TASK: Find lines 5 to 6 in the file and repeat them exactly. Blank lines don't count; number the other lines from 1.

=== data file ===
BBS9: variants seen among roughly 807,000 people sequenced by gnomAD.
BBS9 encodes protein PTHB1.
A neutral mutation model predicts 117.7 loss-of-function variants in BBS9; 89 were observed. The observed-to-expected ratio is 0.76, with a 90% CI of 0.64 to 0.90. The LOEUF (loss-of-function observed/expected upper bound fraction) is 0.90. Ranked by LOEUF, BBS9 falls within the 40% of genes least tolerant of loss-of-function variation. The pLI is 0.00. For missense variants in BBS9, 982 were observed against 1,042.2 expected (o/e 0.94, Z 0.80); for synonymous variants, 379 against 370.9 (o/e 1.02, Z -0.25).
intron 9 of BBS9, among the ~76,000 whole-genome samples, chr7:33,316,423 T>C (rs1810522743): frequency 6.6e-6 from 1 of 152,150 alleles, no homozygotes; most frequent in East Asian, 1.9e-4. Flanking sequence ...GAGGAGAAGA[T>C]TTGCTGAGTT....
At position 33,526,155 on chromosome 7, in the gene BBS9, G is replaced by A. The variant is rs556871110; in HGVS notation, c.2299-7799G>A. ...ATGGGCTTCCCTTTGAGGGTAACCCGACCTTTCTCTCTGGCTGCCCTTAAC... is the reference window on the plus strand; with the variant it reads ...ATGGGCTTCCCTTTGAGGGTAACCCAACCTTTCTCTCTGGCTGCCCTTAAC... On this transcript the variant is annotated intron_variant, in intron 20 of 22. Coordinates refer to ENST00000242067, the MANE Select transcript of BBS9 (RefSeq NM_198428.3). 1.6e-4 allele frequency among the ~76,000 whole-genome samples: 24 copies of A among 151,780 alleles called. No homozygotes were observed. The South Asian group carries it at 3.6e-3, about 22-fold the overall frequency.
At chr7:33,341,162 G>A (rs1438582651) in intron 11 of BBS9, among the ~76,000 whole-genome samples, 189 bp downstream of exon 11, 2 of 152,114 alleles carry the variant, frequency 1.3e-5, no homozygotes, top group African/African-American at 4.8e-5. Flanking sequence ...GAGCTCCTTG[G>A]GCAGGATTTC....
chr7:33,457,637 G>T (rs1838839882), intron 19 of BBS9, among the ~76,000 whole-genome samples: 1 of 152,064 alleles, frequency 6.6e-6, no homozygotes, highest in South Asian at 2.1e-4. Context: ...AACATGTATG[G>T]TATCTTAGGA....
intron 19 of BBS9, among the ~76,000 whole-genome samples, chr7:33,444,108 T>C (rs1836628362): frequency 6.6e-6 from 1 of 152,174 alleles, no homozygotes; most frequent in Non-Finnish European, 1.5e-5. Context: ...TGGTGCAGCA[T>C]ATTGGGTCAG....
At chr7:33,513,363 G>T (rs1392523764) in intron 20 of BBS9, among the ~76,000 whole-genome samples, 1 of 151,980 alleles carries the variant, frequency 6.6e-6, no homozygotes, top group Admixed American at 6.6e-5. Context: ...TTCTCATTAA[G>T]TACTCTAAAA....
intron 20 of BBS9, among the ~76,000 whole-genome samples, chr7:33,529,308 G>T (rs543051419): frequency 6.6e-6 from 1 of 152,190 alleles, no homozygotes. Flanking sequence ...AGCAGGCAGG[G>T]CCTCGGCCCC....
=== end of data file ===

At position 33,526,155 on chromosome 7, in the gene BBS9, G is replaced by A. The variant is rs556871110; in HGVS notation, c.2299-7799G>A. ...ATGGGCTTCCCTTTGAGGGTAACCCGACCTTTCTCTCTGGCTGCCCTTAAC... is the reference window on the plus strand; with the variant it reads ...ATGGGCTTCCCTTTGAGGGTAACCCAACCTTTCTCTCTGGCTGCCCTTAAC... On this transcript the variant is annotated intron_variant, in intron 20 of 22. Coordinates refer to ENST00000242067, the MANE Select transcript of BBS9 (RefSeq NM_198428.3). 1.6e-4 allele frequency among the ~76,000 whole-genome samples: 24 copies of A among 151,780 alleles called. No homozygotes were observed. The South Asian group carries it at 3.6e-3, about 22-fold the overall frequency.
At chr7:33,341,162 G>A (rs1438582651) in intron 11 of BBS9, among the ~76,000 whole-genome samples, 189 bp downstream of exon 11, 2 of 152,114 alleles carry the variant, frequency 1.3e-5, no homozygotes, top group African/African-American at 4.8e-5. Flanking sequence ...GAGCTCCTTG[G>A]GCAGGATTTC....